The problem is not deregulation or a lack of regulation. Regulation, we must assume, would not have prevented anyone from doing anything, and we know this if only because nothing that anyone on Wall Street did is illegal; at best, regulation would require that someone who was acting as law enforcement act after some specific thing had occurred. (That, in fact, is what's happening now.)
At worst, regulation would demand that every transaction, down to little Jimmy's trading to little Jeanie a water pistol for a ball, be considered a matter needing to be regulated but definitely and still a matter only of ethics. This is what we have now, in the case of Jimmy and Jeanie, with the children's parents stepping in if one of the children needs them to.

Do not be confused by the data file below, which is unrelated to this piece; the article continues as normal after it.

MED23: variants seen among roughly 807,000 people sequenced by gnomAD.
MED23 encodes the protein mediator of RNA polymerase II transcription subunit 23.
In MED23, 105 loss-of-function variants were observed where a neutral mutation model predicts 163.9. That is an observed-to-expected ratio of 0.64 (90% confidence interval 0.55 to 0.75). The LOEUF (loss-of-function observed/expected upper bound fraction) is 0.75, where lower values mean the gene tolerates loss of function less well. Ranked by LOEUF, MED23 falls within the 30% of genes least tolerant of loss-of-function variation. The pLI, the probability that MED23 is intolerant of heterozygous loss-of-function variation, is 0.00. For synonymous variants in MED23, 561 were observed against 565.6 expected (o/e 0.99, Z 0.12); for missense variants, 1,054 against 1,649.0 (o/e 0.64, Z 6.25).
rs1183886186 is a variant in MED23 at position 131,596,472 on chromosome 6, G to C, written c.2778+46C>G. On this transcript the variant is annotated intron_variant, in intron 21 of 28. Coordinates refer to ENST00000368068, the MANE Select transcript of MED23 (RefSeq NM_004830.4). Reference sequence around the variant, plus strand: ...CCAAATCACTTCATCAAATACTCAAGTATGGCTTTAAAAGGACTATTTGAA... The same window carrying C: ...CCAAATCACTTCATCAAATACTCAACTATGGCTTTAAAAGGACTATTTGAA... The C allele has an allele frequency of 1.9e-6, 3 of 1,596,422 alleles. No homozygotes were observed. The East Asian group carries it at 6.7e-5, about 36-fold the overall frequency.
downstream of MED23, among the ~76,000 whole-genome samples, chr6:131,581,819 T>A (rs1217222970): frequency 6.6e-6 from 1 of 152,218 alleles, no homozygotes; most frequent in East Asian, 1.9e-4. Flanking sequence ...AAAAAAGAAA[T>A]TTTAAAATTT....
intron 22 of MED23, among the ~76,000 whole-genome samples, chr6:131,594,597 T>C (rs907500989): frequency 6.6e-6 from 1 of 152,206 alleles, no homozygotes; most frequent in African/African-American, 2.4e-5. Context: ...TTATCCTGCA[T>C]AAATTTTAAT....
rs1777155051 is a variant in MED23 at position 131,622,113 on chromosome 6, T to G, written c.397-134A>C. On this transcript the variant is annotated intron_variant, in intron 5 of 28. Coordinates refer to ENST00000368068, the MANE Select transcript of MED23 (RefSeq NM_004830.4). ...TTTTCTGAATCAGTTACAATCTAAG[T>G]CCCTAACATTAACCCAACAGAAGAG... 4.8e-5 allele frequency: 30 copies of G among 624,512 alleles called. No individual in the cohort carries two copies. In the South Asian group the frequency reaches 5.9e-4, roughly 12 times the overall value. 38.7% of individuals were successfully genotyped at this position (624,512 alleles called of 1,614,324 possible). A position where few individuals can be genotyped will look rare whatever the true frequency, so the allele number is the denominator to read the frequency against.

The problem is the identities--or, rather, the lack of them--of those who committed the acts that are causing unpleasant situations to exist in the lives of known or able-to-be-known others.
We don't need more laws if we can be assured of knowing whom to trust (and this would include making judgments about corporations based upon the names of corporations' most infamous employees) and whom not to trust. You know: same way a farmer just doesn't do business with the mill that gypped him.
If no crime has been committed by Wall Streeters, newspapers and magazines wouldn't be doing any harm if they created little features on those who've worked on Wall Street. If Wall Streeters are being abused by a nation of yokels, these little features would be more like the NYT's memoriums to all those who died as a result of 9/11 than they would be like hit pieces.
Sep 28 2008 - 10:01am